Intamin, I love their smaller rides. More fun and more dependable. My favorite of theirs is Expedition GeForce. But, even they managed to screw up a simple log flume!

B&M - for the most part, flawless. But that leads to the growing number of negative feedback because they don't like to push the envelope. Their worst coasters are standups. It seems like they could not perfect the design and the coasters did not age well.I rode Iron Wolf when it opened in 1990 and loved it. Everything was glass-smooth. But years later, it was brutal. Worse than any Vekoma.

Now, speaking of Vekoma, there was a saving grace when riding Gouderix in 2002. The trains had these small "wings" protruding from the headrest that kept your heading from hitting the restraint. They worked really well. So much that I rode it many times! I actually loved the ride! Many of the group hated it and thought I was crazy!

Someone mentioned that rides like Magnum, Desperado and The Big One were like 200 ft mine rides. That's exactly why Arrow did not put up-stop wheels on Magnum when it opened, and had the up-stop plates like Gemini. The wheels were added for the 2nd season. I had asked Ron Toomer during the 10th Anniversary event about it and he commented "we just thought it was a large mine ride and felt it didn't need them". Magnum has been my favorite since it opened. Very few rides for me get put up on a pedastool like Magnum does. When it comes to steel coasters, there are 3 that are #1 contenders: Behemoth, Apollo's Chariot, and La Ronde's Goliath.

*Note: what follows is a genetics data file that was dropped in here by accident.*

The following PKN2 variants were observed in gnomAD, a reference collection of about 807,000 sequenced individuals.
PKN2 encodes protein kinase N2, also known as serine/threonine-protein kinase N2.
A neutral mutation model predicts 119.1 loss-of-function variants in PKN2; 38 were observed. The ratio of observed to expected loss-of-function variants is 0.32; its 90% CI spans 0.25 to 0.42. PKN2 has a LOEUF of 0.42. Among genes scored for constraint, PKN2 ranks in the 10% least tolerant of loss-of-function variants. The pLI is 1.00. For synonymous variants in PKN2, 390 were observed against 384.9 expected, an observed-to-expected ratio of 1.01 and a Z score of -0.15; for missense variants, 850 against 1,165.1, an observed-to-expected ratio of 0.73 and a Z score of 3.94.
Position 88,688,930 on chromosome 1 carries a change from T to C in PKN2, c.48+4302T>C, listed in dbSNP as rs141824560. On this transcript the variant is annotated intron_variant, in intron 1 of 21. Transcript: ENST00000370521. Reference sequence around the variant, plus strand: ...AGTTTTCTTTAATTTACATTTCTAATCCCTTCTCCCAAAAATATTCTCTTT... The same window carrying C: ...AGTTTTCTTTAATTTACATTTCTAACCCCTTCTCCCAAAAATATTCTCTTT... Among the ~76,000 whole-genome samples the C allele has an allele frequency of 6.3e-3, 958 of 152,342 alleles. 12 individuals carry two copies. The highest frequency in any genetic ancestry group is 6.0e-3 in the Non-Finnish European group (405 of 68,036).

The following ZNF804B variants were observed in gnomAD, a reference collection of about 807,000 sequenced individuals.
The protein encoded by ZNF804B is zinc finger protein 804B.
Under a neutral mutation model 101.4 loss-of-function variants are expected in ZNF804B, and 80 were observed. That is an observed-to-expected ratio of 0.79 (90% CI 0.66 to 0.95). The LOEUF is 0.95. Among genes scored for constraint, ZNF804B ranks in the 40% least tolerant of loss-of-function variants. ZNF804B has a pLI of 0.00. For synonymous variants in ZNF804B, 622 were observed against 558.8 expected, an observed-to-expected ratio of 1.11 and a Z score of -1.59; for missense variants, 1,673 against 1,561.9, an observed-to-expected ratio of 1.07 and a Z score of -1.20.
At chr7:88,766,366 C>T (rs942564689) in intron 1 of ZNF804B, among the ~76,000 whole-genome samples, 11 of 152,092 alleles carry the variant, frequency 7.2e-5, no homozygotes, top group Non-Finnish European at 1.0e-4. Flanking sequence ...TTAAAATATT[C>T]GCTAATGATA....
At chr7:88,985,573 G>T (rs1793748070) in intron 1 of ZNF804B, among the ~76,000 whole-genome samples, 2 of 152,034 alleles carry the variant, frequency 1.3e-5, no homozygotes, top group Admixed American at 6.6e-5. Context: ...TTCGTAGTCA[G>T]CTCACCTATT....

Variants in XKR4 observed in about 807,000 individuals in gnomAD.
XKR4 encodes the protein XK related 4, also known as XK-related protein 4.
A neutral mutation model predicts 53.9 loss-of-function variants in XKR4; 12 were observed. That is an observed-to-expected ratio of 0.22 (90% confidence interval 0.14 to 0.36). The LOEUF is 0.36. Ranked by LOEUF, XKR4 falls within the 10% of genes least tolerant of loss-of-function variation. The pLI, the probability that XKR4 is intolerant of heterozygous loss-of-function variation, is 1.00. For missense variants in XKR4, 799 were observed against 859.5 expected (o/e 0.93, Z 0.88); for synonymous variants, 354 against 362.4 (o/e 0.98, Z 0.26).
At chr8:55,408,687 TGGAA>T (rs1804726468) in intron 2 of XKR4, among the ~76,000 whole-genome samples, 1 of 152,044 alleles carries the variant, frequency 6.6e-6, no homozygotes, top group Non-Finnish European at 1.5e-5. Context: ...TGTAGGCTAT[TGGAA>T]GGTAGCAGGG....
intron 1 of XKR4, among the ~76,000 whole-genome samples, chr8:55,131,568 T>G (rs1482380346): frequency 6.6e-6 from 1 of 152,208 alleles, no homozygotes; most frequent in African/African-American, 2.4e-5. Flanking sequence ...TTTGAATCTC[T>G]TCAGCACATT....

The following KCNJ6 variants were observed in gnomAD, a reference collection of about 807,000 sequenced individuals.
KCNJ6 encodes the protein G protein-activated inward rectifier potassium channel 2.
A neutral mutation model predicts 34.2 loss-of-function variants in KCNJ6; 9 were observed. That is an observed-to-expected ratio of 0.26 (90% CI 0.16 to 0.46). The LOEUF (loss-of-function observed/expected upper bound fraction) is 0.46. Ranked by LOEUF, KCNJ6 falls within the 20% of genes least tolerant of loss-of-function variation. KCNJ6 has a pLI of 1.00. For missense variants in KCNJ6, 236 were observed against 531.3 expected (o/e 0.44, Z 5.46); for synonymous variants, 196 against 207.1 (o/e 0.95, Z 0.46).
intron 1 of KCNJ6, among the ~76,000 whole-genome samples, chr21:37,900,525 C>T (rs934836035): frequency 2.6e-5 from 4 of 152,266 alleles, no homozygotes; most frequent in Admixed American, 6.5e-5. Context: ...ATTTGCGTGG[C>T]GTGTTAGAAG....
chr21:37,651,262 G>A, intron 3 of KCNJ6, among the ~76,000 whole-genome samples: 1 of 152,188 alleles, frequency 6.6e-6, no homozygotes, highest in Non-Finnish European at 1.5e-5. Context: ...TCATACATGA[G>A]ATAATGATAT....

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Saturday, August 4, 2018 9:00 PM

Joe E. said:

Thankfully it was pretty much designed as and old school wood out and back.

I have always joked that Magnum is “the best woodie in the park” - and exactly because of this.

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Tuesday, August 7, 2018 10:47 AM

Pete said:

Trackmaster said:
People just overrate it for nostalgia and because its at Cedar Point. If it were at one of CF's smaller parks people would care about it about as much as they care about Mamba or Wild Thing (probably less because those coasters are actually ridable).

Magnum was the third most popular ride in the park last year with 1,450,000 riders, Only Gatekeeper and Millennium Force gave more rides. Lots and lots of people love Magnum. Mamba and Wild Thing pale in comparison to Magnum, those rides are boring and tame compared to Magnum.